Sid the Kid and Mario the Magnificent may sound like a mouthful but to the fans of the Pittsburgh Penguins it's nothing but sweet music.
On the day National Hockey League commissioner Gary Bettman finally was able to definitely announce the league will resume play this fall, one of the game's greatest stars received the chance to pick the player whom the majority of observers expect to be the sport's next big thing.
Not long after the NHL board of governors voted 30-0 to ratify the new collective bargaining agreement, and thereby put the final nail in the lockout, Bettman unveiled the Penguins as the winners of the draft lottery. Sidney Crosby's NHL start in a Penguins sweater will become official next Saturday when Mario Lemieux and the Pens will choose him first overall at the entry draft in Ottawa.
"It would be unbelievable and I would love the opportunity (to skate alongside Lemieux)," Crosby, the only person to be named Canadian Hockey League player of the year twice, said. "He's not only a nice guy but a role model."
With much of the rest of the day devoid of suspense -- the rule changes and other finer points in the new CBA have been public knowledge for a while now -- Bettman stood at a podium in front of each of the team's general managers and announced each club's selection slot.
Some wind went out of the sails locally when Bettman ripped open the Maple Leafs logo with the 21st envelope, but plenty of intrigue remained. The final two clubs were Pittsburgh and the Anaheim Mighty Ducks, but had the latter won, it would not have made for the juicy story that should become the Mario and Sidney Show. Crosby's sentimental favourite, the Montreal Canadiens, will pick fifth.
Although Leafs fans won't see Crosby in the blue and white, they will see the Penguins in Toronto twice during the regular season.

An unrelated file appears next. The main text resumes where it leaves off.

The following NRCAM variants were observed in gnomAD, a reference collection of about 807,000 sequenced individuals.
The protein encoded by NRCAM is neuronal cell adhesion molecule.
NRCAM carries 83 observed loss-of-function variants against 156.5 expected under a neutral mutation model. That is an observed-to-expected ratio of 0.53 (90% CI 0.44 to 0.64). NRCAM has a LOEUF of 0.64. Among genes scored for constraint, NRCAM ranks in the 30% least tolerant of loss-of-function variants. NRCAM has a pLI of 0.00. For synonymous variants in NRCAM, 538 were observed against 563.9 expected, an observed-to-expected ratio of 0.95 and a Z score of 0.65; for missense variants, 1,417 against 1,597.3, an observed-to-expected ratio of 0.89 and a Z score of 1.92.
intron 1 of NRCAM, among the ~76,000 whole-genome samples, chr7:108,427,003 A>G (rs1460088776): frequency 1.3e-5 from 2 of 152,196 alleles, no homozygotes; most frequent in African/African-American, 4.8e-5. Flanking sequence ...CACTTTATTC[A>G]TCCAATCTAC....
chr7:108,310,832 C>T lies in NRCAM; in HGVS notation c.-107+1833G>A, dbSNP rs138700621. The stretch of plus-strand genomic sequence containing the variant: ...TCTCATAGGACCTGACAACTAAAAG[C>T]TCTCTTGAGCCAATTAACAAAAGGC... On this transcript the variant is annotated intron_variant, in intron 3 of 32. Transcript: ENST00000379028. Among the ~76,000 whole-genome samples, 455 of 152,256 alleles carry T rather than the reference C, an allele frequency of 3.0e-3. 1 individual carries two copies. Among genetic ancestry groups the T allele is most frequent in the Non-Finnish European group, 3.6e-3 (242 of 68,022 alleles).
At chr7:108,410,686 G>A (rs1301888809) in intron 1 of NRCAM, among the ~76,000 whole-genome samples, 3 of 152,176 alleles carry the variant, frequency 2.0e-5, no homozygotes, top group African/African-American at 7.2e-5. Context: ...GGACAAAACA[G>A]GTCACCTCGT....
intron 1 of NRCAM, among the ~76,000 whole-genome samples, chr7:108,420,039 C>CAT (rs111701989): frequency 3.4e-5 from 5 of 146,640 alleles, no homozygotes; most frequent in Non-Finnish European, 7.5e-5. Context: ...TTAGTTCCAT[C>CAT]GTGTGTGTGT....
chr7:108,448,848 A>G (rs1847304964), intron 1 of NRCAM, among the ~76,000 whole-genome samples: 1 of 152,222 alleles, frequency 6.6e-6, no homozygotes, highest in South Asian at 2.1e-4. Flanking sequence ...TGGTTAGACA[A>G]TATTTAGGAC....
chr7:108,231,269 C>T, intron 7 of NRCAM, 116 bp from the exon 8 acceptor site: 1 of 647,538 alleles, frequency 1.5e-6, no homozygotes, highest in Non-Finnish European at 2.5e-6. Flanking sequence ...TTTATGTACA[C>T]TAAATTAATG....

21 YEARS AGO
Lemieux, who turns 40 on Oct. 5, the night all 30 teams will kick off the 2005-06 schedule, barely could conceal his excitement at the prospect of being a teammate of Crosby's. Some 21 years ago, Lemieux was seen as the hockey saviour in Pittsburgh, and wound up leading the Pens to a pair of Stanley Cups. There has been talk that Lemieux would figuratively pass the torch to Crosby. Now it can happen in a literal sense.
"This is huge for the franchise," Lemieux said. "To be able to select a player of this calibre and the talent that he has, this is very exciting for the franchise and for the city and the fans here in Pittsburgh. It's going to change the look of the franchise for many years to come."
The Penguins finished last in the NHL in 2003-04 but managed to sign Mark Recchi last summer. And though Crosby, who never has visited the fine city of Pittsburgh, could have earned millions more in endorsements had a ball representing a team such as the New York Rangers or Maple Leafs been the first to fall yesterday, he said that's not a concern.
In Pittsburgh -- where knocking the Steelers off the front pages could be a bit easier with Crosby, a young team with a core that includes goalie Marc-Andre Fleury, Ryan Malone and possibly Evgeni Malkin -- Crosby sees a team that only can go up.
"I'm concentrating on hockey right now and I have to make sure other things don't get in the way," said Crosby, who turns 18 on Aug. 7. "My main focus is to play in Pittsburgh, hopefully next year. My dream has been to play in the NHL."